How effective are slurry storage, cover or catch crops, woodland creation, controlled trafficking or break-up of compacted layers, and buffer strips as on-farm mitigation measures for delivering an improved water environment?
Harper Adams University College, Newport, Shropshire, TF10 8NB, UK
Environmental Evidence 2012, 1:12 doi:10.1186/2047-2382-1-12Published: 1 October 2012
Agriculture has intensified over the last 50 years resulting in increased usage of fertilizers and agrochemicals, changes in cropping practices, land drainage and increased stocking rates. In Europe, this has resulted in declines in the quality of soils and waters due to increased run off and water pollution. Fifty percent of nitrates in European rivers are derived from agricultural sources in the UK this value is as high as 70%, where agriculture also contributes to approximately 28% of phosphates and 76% of sediments recorded in rivers. Catchments dominated by agricultural land use have increased levels of pesticides and bacterial pathogens.
European member states have a policy commitment to tackle water pollution through the Water Framework Directive. An analysis of the effectiveness of water pollution mitigation measures should enable decision makers and delivery agencies to better facilitate catchment planning.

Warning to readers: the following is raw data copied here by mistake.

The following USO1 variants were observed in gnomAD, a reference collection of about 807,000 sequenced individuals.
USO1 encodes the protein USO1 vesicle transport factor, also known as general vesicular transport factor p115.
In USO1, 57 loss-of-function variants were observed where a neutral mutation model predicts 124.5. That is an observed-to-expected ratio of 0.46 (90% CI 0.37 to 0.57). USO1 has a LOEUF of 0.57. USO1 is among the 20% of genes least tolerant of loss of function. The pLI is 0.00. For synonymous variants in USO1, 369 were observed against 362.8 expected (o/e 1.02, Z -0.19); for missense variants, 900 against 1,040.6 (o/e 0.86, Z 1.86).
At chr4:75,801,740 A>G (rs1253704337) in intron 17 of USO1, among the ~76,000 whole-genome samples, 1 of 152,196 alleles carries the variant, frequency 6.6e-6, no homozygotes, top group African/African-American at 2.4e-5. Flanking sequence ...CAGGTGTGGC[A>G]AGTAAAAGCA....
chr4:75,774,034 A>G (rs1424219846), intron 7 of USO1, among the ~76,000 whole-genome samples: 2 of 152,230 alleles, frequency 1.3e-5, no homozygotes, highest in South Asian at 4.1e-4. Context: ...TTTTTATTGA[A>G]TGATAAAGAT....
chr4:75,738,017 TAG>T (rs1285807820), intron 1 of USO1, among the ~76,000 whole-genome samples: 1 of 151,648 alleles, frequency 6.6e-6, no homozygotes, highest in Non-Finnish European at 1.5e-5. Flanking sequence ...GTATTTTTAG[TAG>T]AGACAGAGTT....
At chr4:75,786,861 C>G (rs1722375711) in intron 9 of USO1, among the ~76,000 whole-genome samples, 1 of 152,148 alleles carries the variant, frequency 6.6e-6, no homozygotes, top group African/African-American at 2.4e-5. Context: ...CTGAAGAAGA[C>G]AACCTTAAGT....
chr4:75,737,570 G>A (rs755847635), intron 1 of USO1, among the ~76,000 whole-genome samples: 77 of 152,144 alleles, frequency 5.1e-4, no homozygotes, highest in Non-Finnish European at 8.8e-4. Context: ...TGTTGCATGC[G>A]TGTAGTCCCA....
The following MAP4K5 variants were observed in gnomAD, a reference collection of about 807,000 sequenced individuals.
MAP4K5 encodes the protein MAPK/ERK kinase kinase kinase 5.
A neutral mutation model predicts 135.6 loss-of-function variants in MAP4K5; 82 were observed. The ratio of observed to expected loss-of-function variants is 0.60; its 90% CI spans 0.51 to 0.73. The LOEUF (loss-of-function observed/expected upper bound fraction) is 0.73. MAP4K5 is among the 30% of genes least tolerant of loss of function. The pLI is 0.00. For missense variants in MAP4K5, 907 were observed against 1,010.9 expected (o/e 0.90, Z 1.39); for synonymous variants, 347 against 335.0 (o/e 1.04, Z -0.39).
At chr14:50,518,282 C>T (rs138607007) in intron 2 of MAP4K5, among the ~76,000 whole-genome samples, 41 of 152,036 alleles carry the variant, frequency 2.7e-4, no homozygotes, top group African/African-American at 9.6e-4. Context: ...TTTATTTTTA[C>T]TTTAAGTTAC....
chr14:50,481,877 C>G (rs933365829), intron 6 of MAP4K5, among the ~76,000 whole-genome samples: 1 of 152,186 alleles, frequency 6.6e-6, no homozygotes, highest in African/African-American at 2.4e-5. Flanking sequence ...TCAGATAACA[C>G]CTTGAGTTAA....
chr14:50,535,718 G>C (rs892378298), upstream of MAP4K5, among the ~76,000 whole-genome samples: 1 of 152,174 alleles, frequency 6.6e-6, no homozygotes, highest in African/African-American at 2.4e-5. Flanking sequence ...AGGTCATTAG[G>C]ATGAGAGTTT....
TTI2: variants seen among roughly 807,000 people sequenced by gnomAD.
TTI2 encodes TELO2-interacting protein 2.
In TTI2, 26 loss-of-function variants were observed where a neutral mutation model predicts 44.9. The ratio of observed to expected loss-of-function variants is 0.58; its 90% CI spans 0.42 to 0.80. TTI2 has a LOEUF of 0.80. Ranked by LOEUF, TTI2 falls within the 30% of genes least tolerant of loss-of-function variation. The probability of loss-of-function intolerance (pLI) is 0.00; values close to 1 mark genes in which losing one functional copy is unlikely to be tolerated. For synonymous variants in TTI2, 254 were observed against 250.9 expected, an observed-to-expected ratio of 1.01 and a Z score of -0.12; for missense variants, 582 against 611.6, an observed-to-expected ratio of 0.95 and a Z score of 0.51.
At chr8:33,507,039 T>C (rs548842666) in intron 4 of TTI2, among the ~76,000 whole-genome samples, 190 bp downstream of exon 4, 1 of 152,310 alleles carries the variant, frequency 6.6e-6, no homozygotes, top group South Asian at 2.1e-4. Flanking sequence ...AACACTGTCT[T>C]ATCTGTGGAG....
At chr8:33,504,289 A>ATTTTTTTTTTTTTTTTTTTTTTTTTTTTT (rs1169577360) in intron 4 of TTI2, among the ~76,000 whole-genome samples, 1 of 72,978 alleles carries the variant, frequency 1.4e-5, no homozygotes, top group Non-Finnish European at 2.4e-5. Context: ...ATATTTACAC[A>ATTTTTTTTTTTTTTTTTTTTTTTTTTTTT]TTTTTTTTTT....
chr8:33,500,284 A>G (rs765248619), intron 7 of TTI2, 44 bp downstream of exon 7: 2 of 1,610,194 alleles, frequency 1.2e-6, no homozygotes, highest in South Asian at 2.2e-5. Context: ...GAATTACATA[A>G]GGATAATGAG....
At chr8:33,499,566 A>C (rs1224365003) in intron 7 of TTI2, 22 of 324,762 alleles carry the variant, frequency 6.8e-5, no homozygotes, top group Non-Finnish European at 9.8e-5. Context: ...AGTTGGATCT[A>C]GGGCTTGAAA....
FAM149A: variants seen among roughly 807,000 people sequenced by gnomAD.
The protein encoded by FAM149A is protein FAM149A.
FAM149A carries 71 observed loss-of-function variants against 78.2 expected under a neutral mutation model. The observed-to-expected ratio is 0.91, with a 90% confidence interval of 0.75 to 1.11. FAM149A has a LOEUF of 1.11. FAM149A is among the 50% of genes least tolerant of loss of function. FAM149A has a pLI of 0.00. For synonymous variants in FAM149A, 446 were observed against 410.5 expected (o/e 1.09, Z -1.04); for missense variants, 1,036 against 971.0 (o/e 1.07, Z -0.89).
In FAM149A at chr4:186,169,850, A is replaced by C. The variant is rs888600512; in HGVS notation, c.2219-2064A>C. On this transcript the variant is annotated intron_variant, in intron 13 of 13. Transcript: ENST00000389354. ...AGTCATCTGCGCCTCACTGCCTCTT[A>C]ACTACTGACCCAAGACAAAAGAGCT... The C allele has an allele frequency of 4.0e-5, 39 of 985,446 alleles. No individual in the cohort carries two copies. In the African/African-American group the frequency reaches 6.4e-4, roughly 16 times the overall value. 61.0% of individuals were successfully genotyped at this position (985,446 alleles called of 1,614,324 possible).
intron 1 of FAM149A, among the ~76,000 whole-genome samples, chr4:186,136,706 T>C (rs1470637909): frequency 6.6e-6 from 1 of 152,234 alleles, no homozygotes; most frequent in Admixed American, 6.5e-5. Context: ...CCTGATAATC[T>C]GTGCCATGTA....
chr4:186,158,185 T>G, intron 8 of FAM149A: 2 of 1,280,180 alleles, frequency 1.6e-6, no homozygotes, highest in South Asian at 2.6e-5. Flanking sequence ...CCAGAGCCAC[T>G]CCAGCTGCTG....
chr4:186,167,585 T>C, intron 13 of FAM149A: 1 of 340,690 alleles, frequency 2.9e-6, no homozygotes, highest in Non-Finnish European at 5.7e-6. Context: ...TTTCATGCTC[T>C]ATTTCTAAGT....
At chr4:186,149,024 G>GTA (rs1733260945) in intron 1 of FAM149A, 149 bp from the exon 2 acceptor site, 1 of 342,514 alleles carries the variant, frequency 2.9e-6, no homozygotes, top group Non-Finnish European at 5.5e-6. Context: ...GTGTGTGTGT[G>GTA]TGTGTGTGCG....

The aim of this systematic review is to assess the effectiveness of slurry storage, cover/catch crops, woodland creation, controlled trafficking/break-up of compacted layers and buffer strips, as on farm mitigation measures, for delivering an improved water environment.
The systematic review will consist of a searchable systematic map database for all the named interventions. Where possible, quantitative analysis will be used to assess the effectiveness of interventions.
Electronic databases, the internet, and organisational websites will be searched, and stakeholders will be contacted for studies that investigate the impact of the on-farm mitigation measures on water quality. All studies found will be assessed for suitability for inclusion in the next stage. Inclusion criteria will be based on subject, intervention, comparator and outcome. The details of included studies will be incorporated into the systematic map database, and studies scored for effectiveness of intervention and study design. Where there is suitable data available, meta-analysis will be carried out to test the effectiveness of individual mitigation measures. A report will summarise the evidence, highlight any gaps in the available research, and provide recommendations for future research.